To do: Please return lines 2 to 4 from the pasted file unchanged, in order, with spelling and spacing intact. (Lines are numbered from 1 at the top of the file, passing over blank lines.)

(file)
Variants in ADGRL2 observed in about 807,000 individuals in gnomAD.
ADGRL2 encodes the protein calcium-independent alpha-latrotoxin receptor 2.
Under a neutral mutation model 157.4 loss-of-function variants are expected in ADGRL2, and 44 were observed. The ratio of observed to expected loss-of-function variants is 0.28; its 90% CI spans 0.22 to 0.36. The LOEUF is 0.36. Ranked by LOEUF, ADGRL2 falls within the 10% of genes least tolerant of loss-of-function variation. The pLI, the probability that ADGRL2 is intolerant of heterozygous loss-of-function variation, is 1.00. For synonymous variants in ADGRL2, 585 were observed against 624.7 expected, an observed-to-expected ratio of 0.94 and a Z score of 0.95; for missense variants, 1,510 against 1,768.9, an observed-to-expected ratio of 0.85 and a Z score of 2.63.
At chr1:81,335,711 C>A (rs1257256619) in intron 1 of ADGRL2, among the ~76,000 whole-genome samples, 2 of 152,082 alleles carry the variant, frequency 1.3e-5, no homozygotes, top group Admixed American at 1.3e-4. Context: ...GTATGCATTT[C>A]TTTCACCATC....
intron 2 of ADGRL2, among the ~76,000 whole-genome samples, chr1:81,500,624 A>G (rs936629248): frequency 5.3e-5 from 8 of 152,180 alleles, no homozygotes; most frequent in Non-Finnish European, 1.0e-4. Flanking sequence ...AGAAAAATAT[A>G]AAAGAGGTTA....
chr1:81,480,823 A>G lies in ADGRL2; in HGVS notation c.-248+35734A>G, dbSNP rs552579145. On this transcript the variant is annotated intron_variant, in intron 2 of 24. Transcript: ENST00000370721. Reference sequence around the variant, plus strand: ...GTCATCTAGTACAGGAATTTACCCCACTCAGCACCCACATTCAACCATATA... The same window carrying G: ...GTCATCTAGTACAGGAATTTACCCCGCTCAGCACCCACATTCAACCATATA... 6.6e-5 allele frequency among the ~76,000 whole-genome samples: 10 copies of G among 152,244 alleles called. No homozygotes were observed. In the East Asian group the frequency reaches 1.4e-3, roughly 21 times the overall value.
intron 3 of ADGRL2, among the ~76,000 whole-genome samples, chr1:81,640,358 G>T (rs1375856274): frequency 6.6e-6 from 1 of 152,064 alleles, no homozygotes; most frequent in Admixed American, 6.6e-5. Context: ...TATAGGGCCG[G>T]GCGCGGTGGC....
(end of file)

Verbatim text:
ADGRL2 encodes the protein calcium-independent alpha-latrotoxin receptor 2.
Under a neutral mutation model 157.4 loss-of-function variants are expected in ADGRL2, and 44 were observed. The ratio of observed to expected loss-of-function variants is 0.28; its 90% CI spans 0.22 to 0.36. The LOEUF is 0.36. Ranked by LOEUF, ADGRL2 falls within the 10% of genes least tolerant of loss-of-function variation. The pLI, the probability that ADGRL2 is intolerant of heterozygous loss-of-function variation, is 1.00. For synonymous variants in ADGRL2, 585 were observed against 624.7 expected, an observed-to-expected ratio of 0.94 and a Z score of 0.95; for missense variants, 1,510 against 1,768.9, an observed-to-expected ratio of 0.85 and a Z score of 2.63.
At chr1:81,335,711 C>A (rs1257256619) in intron 1 of ADGRL2, among the ~76,000 whole-genome samples, 2 of 152,082 alleles carry the variant, frequency 1.3e-5, no homozygotes, top group Admixed American at 1.3e-4. Context: ...GTATGCATTT[C>A]TTTCACCATC....